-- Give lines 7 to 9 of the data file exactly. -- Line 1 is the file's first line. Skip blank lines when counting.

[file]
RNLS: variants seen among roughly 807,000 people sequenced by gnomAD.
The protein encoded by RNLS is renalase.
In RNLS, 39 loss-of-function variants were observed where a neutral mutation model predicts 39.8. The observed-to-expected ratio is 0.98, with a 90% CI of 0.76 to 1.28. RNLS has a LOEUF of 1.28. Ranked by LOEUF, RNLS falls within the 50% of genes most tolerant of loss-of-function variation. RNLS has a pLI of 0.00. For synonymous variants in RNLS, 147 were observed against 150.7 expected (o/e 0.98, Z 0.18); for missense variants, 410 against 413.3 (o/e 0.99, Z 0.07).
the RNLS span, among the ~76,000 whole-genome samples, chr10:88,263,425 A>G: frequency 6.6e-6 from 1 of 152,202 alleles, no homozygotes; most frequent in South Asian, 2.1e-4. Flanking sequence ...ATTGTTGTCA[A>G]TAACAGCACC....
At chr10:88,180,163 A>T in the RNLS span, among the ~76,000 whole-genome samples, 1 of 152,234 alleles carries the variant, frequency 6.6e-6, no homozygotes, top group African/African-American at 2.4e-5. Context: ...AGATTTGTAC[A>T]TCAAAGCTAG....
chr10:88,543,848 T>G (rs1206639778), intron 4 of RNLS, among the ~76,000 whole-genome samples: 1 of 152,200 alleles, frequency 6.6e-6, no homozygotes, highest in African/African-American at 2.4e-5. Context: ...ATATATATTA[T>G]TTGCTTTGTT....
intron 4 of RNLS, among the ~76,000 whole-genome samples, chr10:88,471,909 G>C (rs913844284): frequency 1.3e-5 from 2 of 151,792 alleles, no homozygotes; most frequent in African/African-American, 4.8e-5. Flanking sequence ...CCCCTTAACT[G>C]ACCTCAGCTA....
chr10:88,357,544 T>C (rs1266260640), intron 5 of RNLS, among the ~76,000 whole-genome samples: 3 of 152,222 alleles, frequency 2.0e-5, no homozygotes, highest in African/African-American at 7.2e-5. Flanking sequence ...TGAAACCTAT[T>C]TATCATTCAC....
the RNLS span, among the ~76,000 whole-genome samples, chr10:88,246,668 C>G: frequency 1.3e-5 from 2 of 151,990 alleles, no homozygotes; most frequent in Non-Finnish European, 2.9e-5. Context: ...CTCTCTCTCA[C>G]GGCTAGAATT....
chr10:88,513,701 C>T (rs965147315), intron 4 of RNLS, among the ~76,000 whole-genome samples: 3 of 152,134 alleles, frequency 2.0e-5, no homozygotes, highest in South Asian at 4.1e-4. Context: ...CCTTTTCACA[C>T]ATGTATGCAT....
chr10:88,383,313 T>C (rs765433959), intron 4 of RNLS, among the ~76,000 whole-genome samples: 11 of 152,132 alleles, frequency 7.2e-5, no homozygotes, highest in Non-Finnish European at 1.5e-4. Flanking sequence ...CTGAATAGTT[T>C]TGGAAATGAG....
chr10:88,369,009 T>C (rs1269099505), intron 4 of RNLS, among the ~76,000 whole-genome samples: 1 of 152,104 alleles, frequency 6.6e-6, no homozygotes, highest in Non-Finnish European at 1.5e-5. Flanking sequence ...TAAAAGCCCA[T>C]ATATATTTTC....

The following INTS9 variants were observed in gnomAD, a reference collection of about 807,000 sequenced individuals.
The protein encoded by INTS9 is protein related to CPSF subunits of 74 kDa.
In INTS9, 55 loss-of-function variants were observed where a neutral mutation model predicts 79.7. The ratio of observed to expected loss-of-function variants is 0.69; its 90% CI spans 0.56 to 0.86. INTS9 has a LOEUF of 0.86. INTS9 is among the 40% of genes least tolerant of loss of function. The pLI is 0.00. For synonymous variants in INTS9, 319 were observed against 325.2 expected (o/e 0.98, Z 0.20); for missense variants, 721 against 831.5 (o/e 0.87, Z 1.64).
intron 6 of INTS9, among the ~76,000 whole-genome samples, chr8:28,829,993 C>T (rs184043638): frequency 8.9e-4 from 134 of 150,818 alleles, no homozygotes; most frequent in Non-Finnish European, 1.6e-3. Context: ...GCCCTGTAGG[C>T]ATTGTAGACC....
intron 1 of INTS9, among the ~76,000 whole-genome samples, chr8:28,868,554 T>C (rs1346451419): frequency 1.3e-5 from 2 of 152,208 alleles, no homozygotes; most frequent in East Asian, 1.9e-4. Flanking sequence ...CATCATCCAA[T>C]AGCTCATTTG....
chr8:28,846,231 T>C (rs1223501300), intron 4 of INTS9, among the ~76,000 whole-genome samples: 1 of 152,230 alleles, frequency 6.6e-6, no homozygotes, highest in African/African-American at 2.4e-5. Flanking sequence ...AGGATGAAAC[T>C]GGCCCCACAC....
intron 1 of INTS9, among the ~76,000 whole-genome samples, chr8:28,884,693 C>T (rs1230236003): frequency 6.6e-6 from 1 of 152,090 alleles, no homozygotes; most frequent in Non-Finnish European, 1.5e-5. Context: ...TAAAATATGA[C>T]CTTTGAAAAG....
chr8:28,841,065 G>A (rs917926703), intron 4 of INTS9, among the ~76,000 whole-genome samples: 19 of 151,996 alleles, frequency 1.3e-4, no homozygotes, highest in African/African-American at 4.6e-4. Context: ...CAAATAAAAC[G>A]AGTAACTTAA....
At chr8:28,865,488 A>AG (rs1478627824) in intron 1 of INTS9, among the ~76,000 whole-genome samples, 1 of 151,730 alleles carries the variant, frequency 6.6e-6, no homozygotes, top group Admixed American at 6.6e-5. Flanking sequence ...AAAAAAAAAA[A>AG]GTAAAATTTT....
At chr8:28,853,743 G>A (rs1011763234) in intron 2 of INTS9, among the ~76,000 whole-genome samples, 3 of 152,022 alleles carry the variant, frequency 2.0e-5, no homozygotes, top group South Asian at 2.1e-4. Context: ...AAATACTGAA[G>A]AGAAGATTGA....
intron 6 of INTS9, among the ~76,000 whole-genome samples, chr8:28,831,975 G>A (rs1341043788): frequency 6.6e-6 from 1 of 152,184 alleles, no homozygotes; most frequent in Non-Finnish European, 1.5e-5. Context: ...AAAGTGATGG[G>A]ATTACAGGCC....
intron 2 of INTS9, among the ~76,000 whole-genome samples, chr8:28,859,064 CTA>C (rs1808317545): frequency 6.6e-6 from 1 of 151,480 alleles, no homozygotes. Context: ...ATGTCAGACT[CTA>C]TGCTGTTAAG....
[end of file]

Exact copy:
intron 4 of RNLS, among the ~76,000 whole-genome samples, chr10:88,471,909 G>C (rs913844284): frequency 1.3e-5 from 2 of 151,792 alleles, no homozygotes; most frequent in African/African-American, 4.8e-5. Flanking sequence ...CCCCTTAACT[G>C]ACCTCAGCTA....
chr10:88,357,544 T>C (rs1266260640), intron 5 of RNLS, among the ~76,000 whole-genome samples: 3 of 152,222 alleles, frequency 2.0e-5, no homozygotes, highest in African/African-American at 7.2e-5. Flanking sequence ...TGAAACCTAT[T>C]TATCATTCAC....
the RNLS span, among the ~76,000 whole-genome samples, chr10:88,246,668 C>G: frequency 1.3e-5 from 2 of 151,990 alleles, no homozygotes; most frequent in Non-Finnish European, 2.9e-5. Context: ...CTCTCTCTCA[C>G]GGCTAGAATT....